Hard work and splashing around

Our monthly Wildlife Rangers meeting has come around quickly and we began the day by rummaging through the light trap and practicing our moth identification. Luckily for us, many of the species had been attracted to the trap at our last session, and were excitedly recognised and named by some of the group. These included cinnabar, buff tip, poplar hawkmoth and eyed hawkmoth. The light trap also revealed another elephant hawkmoth and a small magpie, which didn’t hang around for a photo, but our highlight was this buff arches. Although widespread and common in Hampshire, we enjoyed admiring its markings.

Buff arches

Buff arches

It was then time to get on with our main task for the day, replacing the log circle in the woodland which has become more and more rotten over time. The group did a great job and got stuck in with removing the old logs, wheel barrowing the new logs to the site (no mean feat as they were a fair distance away, past Ivy South hide, over the boardwalk and just over the Dockens Water) and digging them in.

Removing the old logs

Removing the old logs

Removing the old logs

Removing the old logs

Whilst removing the old logs, we came across one newt and a couple of toads, all of which were re-located to safety.

Toad!

Toad!

Finally it was time to sit back, admire our hard work and double check the logs were both level and comfortable – please note Geoff is still working hard…

Our new woodland log circle

Our new woodland log circle

Hopefully it will last a while!

After refuelling with some lunch, we headed down to the Dockens Water for some river dipping. We had a go at kick sampling the stretch we usually use with visiting schools and groups and on events, before heading further downstream to see if there was any variation with our catch. Despite being heavily dipped, the first stretch still revealed a couple of bullhead fish and a minnow, along with the usual freshwater shrimp, mayfly and stonefly nymphs and cased caddisfly larvae.

Downstream the same species were present but in a greater number. We dipped a short stretch which was much narrower and where the river was flowing through at a much quicker rate, not really expecting to find much because of the faster flow. Here we found the same species, but they were all much smaller in size, possibly in an attempt to avoid being picked up by the flow and carried downstream. Just beyond this narrow stretch the river is more open and there are fewer trees shading the channel, resulting in more weed growth. Here we caught another bullhead, beetle larvae and lots of pond skaters, in addition to the species mentioned above. We could have river dipped here for a lot longer, but sadly it was time to finish off and head back to the centre.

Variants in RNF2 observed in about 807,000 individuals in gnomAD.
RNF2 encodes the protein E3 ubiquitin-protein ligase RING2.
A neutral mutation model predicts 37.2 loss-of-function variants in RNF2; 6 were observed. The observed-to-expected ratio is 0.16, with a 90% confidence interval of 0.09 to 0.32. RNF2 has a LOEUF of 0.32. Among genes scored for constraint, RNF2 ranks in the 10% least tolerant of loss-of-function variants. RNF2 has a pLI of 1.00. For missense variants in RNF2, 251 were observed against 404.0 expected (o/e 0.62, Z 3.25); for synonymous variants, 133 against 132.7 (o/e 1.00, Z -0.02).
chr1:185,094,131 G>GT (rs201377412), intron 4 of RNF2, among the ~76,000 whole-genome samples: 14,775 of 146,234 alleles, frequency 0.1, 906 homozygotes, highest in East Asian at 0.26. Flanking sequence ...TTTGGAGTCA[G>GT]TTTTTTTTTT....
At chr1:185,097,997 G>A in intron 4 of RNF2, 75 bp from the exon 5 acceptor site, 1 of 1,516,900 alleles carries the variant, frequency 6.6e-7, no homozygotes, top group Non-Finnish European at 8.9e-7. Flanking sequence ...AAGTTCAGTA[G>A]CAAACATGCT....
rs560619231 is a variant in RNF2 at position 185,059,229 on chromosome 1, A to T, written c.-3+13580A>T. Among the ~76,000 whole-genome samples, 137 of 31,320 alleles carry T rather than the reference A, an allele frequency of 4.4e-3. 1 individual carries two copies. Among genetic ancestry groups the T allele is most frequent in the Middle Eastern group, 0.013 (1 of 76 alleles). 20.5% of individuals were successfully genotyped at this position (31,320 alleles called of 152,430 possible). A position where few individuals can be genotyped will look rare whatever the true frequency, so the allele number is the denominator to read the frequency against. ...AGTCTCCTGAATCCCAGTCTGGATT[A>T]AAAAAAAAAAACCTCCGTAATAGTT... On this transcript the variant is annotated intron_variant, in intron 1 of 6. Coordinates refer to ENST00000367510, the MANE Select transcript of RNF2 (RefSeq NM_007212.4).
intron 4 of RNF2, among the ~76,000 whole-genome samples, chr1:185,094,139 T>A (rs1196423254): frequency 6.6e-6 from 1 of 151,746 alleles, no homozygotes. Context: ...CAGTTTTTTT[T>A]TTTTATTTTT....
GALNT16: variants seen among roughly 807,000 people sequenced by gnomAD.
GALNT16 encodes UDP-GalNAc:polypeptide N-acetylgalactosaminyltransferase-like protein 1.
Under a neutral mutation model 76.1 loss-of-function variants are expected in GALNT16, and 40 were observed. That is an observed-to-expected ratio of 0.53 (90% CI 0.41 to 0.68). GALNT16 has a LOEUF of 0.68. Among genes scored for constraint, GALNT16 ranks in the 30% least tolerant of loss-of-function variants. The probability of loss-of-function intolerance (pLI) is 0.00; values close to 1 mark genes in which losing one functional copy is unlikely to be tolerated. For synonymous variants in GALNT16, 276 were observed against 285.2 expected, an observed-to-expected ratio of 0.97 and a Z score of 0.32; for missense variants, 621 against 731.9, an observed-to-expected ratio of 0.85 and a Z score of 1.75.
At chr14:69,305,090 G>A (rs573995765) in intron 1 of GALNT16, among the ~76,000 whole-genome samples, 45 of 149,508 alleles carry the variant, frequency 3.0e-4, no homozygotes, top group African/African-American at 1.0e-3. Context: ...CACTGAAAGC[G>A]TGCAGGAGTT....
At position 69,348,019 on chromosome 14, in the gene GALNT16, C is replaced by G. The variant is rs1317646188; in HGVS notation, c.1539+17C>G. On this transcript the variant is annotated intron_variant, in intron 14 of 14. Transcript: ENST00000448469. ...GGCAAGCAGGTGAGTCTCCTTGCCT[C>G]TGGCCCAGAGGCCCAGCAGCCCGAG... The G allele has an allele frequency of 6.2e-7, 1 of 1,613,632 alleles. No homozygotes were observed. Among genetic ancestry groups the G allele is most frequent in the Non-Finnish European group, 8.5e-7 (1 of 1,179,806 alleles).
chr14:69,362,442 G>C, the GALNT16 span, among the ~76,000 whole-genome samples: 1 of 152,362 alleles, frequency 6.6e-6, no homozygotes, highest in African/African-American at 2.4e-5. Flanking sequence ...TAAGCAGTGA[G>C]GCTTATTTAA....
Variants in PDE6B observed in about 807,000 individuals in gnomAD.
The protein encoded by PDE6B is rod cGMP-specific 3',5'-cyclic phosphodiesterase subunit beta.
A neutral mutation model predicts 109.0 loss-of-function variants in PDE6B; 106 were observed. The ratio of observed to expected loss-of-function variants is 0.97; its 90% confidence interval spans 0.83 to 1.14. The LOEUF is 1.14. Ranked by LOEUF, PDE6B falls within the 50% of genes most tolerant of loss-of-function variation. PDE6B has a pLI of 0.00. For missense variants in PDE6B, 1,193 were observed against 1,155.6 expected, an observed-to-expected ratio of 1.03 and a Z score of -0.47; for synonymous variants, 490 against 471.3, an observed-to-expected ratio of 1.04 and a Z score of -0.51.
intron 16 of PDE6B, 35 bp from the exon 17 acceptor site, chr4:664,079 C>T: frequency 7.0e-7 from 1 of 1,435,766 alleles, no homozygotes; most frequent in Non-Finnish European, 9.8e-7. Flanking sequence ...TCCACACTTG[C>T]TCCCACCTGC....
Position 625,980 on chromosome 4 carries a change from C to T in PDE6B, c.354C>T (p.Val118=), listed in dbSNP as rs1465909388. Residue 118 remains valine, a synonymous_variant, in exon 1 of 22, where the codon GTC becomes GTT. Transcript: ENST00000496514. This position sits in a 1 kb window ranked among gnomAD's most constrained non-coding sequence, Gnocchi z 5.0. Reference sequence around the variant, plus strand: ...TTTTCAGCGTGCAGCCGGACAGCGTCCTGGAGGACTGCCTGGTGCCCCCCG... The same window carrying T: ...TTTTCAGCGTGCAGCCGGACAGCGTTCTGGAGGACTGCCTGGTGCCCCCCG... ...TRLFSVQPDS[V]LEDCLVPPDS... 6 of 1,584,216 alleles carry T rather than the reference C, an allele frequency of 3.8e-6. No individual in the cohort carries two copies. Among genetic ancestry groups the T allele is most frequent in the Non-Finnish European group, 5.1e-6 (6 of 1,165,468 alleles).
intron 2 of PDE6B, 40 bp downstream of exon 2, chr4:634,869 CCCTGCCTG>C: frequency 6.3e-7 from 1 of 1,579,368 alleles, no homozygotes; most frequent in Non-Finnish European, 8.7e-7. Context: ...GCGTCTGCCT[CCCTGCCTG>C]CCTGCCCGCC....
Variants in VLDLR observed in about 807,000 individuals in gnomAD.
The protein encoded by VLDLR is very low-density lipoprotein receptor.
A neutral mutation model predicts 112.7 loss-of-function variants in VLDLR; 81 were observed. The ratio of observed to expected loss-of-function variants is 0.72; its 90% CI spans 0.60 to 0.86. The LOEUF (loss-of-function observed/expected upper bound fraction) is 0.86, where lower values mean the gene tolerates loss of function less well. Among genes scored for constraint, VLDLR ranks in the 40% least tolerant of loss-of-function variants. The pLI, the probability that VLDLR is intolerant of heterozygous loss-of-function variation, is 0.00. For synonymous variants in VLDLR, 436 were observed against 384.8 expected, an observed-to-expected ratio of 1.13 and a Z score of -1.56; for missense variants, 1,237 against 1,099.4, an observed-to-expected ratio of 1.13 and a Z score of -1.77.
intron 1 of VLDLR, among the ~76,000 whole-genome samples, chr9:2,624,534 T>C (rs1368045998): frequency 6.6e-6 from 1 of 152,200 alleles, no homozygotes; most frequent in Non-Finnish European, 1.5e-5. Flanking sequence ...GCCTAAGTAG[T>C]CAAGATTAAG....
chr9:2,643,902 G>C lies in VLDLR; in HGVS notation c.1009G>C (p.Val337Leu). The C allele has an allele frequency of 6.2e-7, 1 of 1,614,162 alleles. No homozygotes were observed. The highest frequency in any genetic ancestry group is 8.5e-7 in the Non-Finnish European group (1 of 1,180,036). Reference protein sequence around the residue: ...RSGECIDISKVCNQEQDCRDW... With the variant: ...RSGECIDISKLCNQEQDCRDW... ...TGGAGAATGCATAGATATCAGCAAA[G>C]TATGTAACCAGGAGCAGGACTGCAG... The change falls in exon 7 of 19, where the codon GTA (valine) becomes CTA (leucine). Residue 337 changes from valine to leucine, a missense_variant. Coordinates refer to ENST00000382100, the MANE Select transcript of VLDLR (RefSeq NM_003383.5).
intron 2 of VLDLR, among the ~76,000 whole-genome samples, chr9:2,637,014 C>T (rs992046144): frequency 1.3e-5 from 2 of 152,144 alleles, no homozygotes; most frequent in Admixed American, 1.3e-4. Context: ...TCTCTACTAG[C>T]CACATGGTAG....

River dipping in the Dockens Water

River dipping in the Dockens Water

After finishing the Rangers session, volunteer Ellie and I went to the rescue of another young bird, this time a blackcap chick which had fallen out of its nest and had made its way into the middle of one of the reserve’s footpaths. It was still really small and had not yet properly developed its flight feathers, so would have been predated if left. We removed the chick from the middle of the path and after a quick phone call it went off to the local wildlife rescue centre. It certainly seemed well and appeared ready for its next meal.

Blue tit chick

Blackcap chick

Sticking with birds, the Oystercatcher was spotted with two chicks outside Tern hide, one had obviously seen Jim coming yesterday and had hidden from him, and at least one grass snake obliged visitors outside Ivy South hide by basking on the logs. Finally, when locking the hides I was so busy looking for the grass snakes I failed to notice this swan and its three cygnets dabbling just below the window, so thought I’d share this photo. I’m not sure our Blashford swans have been blogged in a while…

Mute swan with cygnets

Mute swan with cygnets

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